Human brain illustration with hormone biochemical (serotonin, dopamine, and norepinephrine) concept background

Image courtesy of iStock Photo.

Dopamine, a chemical that acts as a neurotransmitter, is responsible for sending thousands of tiny “messages” that ultimately help generate several of our thoughts and actions. It has a myriad of functions within the body and brain, but it is best known for allowing us to feel pleasure, satisfaction, and motivation. With this in mind, it is no surprise that it is a major point of focus when discussing addiction and reward. Social factors are also known to heavily influence the human brain and psychiatric outcomes, although there is scarce research proving a biological connection. Because of that, leading researchers at Yale have set out to explore these connections.

In this project, led by Katina Calakos and Aleksandra Rusowicz, the team used Positron Emission Tomography (PET scans) to image dopamine receptor (D2/3 R) availability. This data was obtained from previous studies and then correlated to population and socio-economic measures obtained from the Social Explorer Analyses of the 2014-2018 Census. 

The results were surprising. For one, they found that higher D2/3R availability was significantly associated with a higher total population in residential ZIP codes. Similarly, in zip codes where a lower percentage of the population possessed a bachelor’s degree or higher, there was a higher dopamine D2/3 R availability. Functionally, one could take this to mean that environment does have a significant impact on our brain chemistry.

Dopamine in and of itself is extremely useful and, as previously mentioned, necessary for normal bodily functions. However, issues can arise when there is too much or little of it. For example, excessive dopamine activity has been linked to anxiety, insomnia, and mania. On the other end of the spectrum, low dopamine activity can cause problems like muscular issues, cognitive impairment, and attention deficits. Considering this background and the findings from this research, one could assume that the environment does impact the way your brain works.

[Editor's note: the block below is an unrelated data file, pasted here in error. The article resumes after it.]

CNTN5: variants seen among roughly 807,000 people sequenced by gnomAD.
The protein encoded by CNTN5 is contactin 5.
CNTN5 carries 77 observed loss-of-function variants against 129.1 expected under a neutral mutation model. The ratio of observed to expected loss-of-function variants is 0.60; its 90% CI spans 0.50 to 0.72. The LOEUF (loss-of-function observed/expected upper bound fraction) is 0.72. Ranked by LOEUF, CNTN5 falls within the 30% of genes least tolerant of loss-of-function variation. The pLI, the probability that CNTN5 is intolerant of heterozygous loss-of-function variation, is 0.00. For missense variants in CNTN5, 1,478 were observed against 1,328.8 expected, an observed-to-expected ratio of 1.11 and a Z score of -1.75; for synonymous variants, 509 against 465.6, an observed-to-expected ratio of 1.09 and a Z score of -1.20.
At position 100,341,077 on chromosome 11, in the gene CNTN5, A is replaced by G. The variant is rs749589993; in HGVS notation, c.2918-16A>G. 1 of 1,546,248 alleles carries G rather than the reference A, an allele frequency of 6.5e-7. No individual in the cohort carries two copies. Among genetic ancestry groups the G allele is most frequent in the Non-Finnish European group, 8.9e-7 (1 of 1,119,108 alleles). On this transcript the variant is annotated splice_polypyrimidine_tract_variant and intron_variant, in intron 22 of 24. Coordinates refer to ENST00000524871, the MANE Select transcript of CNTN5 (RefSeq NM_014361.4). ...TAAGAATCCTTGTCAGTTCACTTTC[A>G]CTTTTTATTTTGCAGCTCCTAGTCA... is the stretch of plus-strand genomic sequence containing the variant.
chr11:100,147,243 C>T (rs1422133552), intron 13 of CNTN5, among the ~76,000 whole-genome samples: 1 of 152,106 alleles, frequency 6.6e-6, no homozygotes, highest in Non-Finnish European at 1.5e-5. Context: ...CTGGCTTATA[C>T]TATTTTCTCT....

Aleksandra Rusowicz and David Matuskey, co-first author and corresponding author on this paper, respectively, discussed both the inspiration and the implications of this research, in addition to what it could mean going forward. This project was driven by prior animal studies focusing on how dopamine availability was affected by the animal’s position within its “society” and how that could later predispose them to develop drug dependency. Initially, this team asked questions focused on how greenspaces could affect brain chemistry, as environmental surroundings have been shown to affect brain activation. All those contexts came together to produce this more recent research.  

However, their findings represent one small step in filling this gap that is all too common for health research. Most of the evidence comes from epidemiological or longitudinal studies focusing on certain aspects of a population – living conditions, education, health, and correlations. However, the biological data to back-up these findings is simply scarce and a relatively new area of focus. This is why research like this could help inform future findings that focus even more closely on the type of social factors that impact social development. The investigators also expressed their hope that research like this could potentially have policy implications, providing a biological backbone to diversity and education initiatives in communities that are often neglected. 

While Matuskey described the use of census data as “advantageous” because they could focus on surroundings and environments, their research had some limitations. Despite how useful it was in gaining insight into these communities, it was fairly broad and could be considered outdated when we take into account the changes brought about by newer factors such as the COVID-19 pandemic. It is likely that if this team had had access to more specific data, we could have been able to discern even more detailed patterns about how location and social circumstances impact the brain developments in question.

Social factors have been correlated to health for years, but thus far, we have lacked the biological data to support this claim. Thanks to work like this, we now have biological data that can support the existing studies. As this type of science gains more traction, we will see more and more detailed results. Maybe one day, we can use those findings to push for policy change that ameliorates the roots of these problems.